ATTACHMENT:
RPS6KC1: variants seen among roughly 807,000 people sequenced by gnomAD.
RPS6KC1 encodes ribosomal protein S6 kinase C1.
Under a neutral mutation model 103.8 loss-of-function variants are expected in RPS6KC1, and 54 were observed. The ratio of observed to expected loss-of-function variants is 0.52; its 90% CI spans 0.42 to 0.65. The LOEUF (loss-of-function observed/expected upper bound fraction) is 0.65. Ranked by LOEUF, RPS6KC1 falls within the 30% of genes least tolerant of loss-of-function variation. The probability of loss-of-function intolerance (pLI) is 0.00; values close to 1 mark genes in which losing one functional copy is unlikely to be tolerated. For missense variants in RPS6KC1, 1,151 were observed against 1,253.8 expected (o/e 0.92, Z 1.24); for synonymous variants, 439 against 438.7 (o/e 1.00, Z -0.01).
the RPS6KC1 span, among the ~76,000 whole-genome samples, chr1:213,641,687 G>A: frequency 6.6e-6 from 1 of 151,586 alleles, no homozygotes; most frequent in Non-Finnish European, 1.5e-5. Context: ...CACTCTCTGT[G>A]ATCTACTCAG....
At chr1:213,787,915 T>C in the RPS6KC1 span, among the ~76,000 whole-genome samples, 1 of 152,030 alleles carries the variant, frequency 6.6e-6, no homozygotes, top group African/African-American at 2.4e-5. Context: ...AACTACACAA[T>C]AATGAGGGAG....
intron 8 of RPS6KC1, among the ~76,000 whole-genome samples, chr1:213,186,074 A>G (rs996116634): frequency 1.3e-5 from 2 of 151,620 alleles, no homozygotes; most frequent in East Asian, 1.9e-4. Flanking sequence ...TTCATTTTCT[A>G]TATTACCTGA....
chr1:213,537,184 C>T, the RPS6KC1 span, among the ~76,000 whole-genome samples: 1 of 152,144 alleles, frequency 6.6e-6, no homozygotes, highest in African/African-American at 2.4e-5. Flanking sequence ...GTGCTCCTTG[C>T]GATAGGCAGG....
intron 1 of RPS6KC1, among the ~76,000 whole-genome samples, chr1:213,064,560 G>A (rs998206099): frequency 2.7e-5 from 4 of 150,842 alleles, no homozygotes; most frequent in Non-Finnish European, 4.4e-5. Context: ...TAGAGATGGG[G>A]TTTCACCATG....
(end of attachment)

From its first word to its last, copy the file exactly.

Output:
RPS6KC1: variants seen among roughly 807,000 people sequenced by gnomAD.
RPS6KC1 encodes ribosomal protein S6 kinase C1.
Under a neutral mutation model 103.8 loss-of-function variants are expected in RPS6KC1, and 54 were observed. The ratio of observed to expected loss-of-function variants is 0.52; its 90% CI spans 0.42 to 0.65. The LOEUF (loss-of-function observed/expected upper bound fraction) is 0.65. Ranked by LOEUF, RPS6KC1 falls within the 30% of genes least tolerant of loss-of-function variation. The probability of loss-of-function intolerance (pLI) is 0.00; values close to 1 mark genes in which losing one functional copy is unlikely to be tolerated. For missense variants in RPS6KC1, 1,151 were observed against 1,253.8 expected (o/e 0.92, Z 1.24); for synonymous variants, 439 against 438.7 (o/e 1.00, Z -0.01).
the RPS6KC1 span, among the ~76,000 whole-genome samples, chr1:213,641,687 G>A: frequency 6.6e-6 from 1 of 151,586 alleles, no homozygotes; most frequent in Non-Finnish European, 1.5e-5. Context: ...CACTCTCTGT[G>A]ATCTACTCAG....
At chr1:213,787,915 T>C in the RPS6KC1 span, among the ~76,000 whole-genome samples, 1 of 152,030 alleles carries the variant, frequency 6.6e-6, no homozygotes, top group African/African-American at 2.4e-5. Context: ...AACTACACAA[T>C]AATGAGGGAG....
intron 8 of RPS6KC1, among the ~76,000 whole-genome samples, chr1:213,186,074 A>G (rs996116634): frequency 1.3e-5 from 2 of 151,620 alleles, no homozygotes; most frequent in East Asian, 1.9e-4. Flanking sequence ...TTCATTTTCT[A>G]TATTACCTGA....
chr1:213,537,184 C>T, the RPS6KC1 span, among the ~76,000 whole-genome samples: 1 of 152,144 alleles, frequency 6.6e-6, no homozygotes, highest in African/African-American at 2.4e-5. Flanking sequence ...GTGCTCCTTG[C>T]GATAGGCAGG....
intron 1 of RPS6KC1, among the ~76,000 whole-genome samples, chr1:213,064,560 G>A (rs998206099): frequency 2.7e-5 from 4 of 150,842 alleles, no homozygotes; most frequent in Non-Finnish European, 4.4e-5. Context: ...TAGAGATGGG[G>A]TTTCACCATG....